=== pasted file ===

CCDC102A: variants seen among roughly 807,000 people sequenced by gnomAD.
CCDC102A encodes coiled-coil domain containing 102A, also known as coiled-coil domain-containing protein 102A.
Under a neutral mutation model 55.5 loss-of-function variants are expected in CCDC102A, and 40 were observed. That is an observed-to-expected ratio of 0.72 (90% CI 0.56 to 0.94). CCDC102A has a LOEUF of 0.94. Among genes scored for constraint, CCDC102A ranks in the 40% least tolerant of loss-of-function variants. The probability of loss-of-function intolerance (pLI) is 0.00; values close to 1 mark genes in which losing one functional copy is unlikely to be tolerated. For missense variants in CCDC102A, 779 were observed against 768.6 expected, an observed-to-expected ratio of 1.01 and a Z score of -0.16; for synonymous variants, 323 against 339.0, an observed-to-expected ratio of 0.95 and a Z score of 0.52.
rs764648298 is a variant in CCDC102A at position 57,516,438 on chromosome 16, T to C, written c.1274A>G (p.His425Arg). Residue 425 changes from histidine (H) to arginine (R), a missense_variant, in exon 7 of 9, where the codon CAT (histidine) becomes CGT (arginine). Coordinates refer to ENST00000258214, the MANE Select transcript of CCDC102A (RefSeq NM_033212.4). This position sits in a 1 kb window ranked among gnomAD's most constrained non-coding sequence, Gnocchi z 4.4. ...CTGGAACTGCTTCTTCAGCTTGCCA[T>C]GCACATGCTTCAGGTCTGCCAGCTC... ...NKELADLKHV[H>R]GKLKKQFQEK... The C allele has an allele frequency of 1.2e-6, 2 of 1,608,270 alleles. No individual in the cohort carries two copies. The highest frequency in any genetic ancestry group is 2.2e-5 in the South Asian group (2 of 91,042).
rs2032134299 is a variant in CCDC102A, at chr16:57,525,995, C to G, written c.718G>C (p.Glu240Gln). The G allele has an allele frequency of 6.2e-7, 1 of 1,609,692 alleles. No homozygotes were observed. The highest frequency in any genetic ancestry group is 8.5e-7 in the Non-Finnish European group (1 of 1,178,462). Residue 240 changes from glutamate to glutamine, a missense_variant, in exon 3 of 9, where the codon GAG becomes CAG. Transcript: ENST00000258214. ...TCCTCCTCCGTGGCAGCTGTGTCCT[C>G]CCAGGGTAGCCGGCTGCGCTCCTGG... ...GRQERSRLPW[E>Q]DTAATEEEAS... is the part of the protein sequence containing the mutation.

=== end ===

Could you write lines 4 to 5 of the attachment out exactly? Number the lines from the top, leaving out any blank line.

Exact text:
rs764648298 is a variant in CCDC102A at position 57,516,438 on chromosome 16, T to C, written c.1274A>G (p.His425Arg). Residue 425 changes from histidine (H) to arginine (R), a missense_variant, in exon 7 of 9, where the codon CAT (histidine) becomes CGT (arginine). Coordinates refer to ENST00000258214, the MANE Select transcript of CCDC102A (RefSeq NM_033212.4). This position sits in a 1 kb window ranked among gnomAD's most constrained non-coding sequence, Gnocchi z 4.4. ...CTGGAACTGCTTCTTCAGCTTGCCA[T>C]GCACATGCTTCAGGTCTGCCAGCTC... ...NKELADLKHV[H>R]GKLKKQFQEK... The C allele has an allele frequency of 1.2e-6, 2 of 1,608,270 alleles. No individual in the cohort carries two copies. The highest frequency in any genetic ancestry group is 2.2e-5 in the South Asian group (2 of 91,042).
rs2032134299 is a variant in CCDC102A, at chr16:57,525,995, C to G, written c.718G>C (p.Glu240Gln). The G allele has an allele frequency of 6.2e-7, 1 of 1,609,692 alleles. No homozygotes were observed. The highest frequency in any genetic ancestry group is 8.5e-7 in the Non-Finnish European group (1 of 1,178,462). Residue 240 changes from glutamate to glutamine, a missense_variant, in exon 3 of 9, where the codon GAG becomes CAG. Transcript: ENST00000258214. ...TCCTCCTCCGTGGCAGCTGTGTCCT[C>G]CCAGGGTAGCCGGCTGCGCTCCTGG... ...GRQERSRLPW[E>Q]DTAATEEEAS... is the part of the protein sequence containing the mutation.